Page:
Dicey: Wow. That seems like an involved process. And it works, especially for The Substitute. I made sure to link to each book. I’ll be happy to update this post with the link for Oh, Heavens, Miss Havana! when it’s released.

2. With seven novels and one short story, which one did you enjoy writing most and why?

James: Without question, the most enjoyable to write was The Substitute. I had completed my Sci-Fi trilogy and my contemporary fiction works, and wanted to make a change in genre. The concept for Miss Havana, a stunning substitute teacher who everyone loved to hate, struck me in a dream, and I immediately got out of bed and started writing. It was a case of the main character (Miss Havana) taking over the author in quite a literal sense. I laughed almost the entire time I wrote that book – for about two months. Solstice accepted the novel in less than 24 hours from the time I pitched it (the editor wrote that she could not put it down). The only purpose for The Substitute is to make people laugh; however, all the biblical references in it are real. What struck me funny, while Miss Havana outwitted Lucifer and her daughter, Lilith, was the wild interpretations I could give to the biblical references. I tried to be accurate relative to the twenty-seven indicators pointing to the rise of the Antichrist, but every “rule” has a humorous (and a bit twisted) implementation.

While The Substitute is definitely my favorite, Aftermath Horizon runs a close second. Aftermath Horizon intertwines two love stories with a load of adventure. Instead of focusing on the doomsday scenario that kills almost everyone on earth, the novel concentrates on the recovery about 180 years after the end times. The heroine is a sixteen-year-old girl who is brave, honorable and quick on the uptake. Her adventures take her into a world of unbelievable peril, where every scrape with death brings her and her mate closer together. I loved the irony of writing about a time gone by, while presenting one potential future for the human race.

Dicey: Your concepts are intriguing, indeed. I can see why these are your faves.

3. In a recent blog post, you wrote: “In The Substitute, Miss Havana proved more conniving and evil than Lucifer, and eventually caused him great pain. People like it when the devil is defeated; it was easy to get laughs at Lucifer’s expense.” Which one is the real villain in your story? Miss Havana or Lucifer, and which one was more interesting to write? Why?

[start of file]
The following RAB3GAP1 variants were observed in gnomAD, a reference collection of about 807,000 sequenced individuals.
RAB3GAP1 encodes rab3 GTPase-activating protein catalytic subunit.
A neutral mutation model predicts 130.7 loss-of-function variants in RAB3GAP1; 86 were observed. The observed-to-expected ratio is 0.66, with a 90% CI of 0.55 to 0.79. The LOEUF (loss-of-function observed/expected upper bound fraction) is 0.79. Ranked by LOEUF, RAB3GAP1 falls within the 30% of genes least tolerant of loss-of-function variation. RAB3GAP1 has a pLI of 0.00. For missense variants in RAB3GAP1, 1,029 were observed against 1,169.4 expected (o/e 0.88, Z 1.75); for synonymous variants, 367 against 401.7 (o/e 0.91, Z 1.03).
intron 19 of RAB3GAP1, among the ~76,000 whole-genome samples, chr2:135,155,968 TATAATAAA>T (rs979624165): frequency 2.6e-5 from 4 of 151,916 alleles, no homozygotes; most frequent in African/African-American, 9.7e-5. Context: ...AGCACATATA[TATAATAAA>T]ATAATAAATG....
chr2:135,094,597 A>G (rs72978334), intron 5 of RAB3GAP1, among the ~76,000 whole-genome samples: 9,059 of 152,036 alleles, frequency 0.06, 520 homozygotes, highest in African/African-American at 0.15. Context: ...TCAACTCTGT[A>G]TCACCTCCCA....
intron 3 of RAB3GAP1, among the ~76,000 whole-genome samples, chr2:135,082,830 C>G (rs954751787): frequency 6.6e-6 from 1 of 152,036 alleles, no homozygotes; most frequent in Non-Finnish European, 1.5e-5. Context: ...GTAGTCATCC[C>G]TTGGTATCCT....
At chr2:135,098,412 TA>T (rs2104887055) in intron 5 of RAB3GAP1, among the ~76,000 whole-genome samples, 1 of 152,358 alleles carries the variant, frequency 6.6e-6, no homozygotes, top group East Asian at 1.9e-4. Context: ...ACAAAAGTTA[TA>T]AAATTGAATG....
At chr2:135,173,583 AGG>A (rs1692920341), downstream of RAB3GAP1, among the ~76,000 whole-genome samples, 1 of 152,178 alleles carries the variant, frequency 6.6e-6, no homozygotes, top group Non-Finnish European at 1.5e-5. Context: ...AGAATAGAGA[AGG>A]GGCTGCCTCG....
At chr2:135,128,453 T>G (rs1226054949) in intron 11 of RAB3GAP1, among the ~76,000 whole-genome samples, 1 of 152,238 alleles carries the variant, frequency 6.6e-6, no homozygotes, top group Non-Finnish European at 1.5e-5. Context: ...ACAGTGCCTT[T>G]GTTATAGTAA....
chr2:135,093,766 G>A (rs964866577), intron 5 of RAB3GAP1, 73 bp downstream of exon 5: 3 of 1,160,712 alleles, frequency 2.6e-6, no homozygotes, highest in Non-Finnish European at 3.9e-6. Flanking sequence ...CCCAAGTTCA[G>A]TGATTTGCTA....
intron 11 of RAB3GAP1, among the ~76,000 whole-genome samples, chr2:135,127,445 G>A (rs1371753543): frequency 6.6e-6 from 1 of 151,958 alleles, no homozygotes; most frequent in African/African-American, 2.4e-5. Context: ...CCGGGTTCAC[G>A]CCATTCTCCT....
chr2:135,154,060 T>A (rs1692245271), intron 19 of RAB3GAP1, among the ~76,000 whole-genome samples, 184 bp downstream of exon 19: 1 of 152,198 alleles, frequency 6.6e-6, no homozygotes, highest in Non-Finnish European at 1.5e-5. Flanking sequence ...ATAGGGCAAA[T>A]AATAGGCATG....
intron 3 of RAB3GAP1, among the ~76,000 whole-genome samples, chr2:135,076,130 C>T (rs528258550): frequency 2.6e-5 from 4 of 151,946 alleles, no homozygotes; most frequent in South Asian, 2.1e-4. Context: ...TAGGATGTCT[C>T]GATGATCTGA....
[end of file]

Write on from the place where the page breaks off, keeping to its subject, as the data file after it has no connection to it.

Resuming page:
James: An excellent question! The answer to the villain question is “neither.” The real villain is the daughter of Lucifer and Miss Havana, Lilith. The daughter inherits the evil nature of both Miss Havana and the devil, making her twice as caustic as her parents. As to which was the most interesting to write, that would be Miss Havana. I loved her complex, two-faced nature and the fact that no one could guess what she’d do next. Her quirky nature means no one will guess the end of the novel, even within a couple of paragraphs from the conclusion.

Dicey: Hope I didn’t force you to reveal a spoiler about the daughter. 😉 Then again, I guess that’s not the big secret since no one will guess the end even right up to the conclusion. I like surprises…in literature, that is.

4. In that same blog post, you wrote: “On acceptance of the manuscript, the Solstice Publishing editor offered, ‘I found it to be a humorous, gory, graphic, moral and ultimately satisfying tale.’ That is exactly what I intended.” How did you insert morality into the story without losing the humor, gory, and graphic nature of the book?